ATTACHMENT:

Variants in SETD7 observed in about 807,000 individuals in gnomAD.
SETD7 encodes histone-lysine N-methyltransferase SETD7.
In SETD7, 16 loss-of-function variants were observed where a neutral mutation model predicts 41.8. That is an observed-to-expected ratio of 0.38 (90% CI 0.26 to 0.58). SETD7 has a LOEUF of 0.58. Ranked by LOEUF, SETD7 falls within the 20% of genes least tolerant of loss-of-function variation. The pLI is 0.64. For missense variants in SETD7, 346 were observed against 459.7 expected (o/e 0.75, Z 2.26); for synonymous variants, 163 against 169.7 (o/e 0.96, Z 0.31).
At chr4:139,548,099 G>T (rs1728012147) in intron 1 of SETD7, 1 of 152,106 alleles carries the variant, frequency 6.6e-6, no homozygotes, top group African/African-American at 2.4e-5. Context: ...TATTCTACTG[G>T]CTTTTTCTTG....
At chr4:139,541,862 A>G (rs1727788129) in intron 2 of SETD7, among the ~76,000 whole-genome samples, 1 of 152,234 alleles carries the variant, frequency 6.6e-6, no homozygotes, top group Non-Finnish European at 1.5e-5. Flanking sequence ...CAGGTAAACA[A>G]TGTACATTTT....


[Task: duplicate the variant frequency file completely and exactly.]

Variants in SETD7 observed in about 807,000 individuals in gnomAD.
SETD7 encodes histone-lysine N-methyltransferase SETD7.
In SETD7, 16 loss-of-function variants were observed where a neutral mutation model predicts 41.8. That is an observed-to-expected ratio of 0.38 (90% CI 0.26 to 0.58). SETD7 has a LOEUF of 0.58. Ranked by LOEUF, SETD7 falls within the 20% of genes least tolerant of loss-of-function variation. The pLI is 0.64. For missense variants in SETD7, 346 were observed against 459.7 expected (o/e 0.75, Z 2.26); for synonymous variants, 163 against 169.7 (o/e 0.96, Z 0.31).
At chr4:139,548,099 G>T (rs1728012147) in intron 1 of SETD7, 1 of 152,106 alleles carries the variant, frequency 6.6e-6, no homozygotes, top group African/African-American at 2.4e-5. Context: ...TATTCTACTG[G>T]CTTTTTCTTG....
At chr4:139,541,862 A>G (rs1727788129) in intron 2 of SETD7, among the ~76,000 whole-genome samples, 1 of 152,234 alleles carries the variant, frequency 6.6e-6, no homozygotes, top group Non-Finnish European at 1.5e-5. Flanking sequence ...CAGGTAAACA[A>G]TGTACATTTT....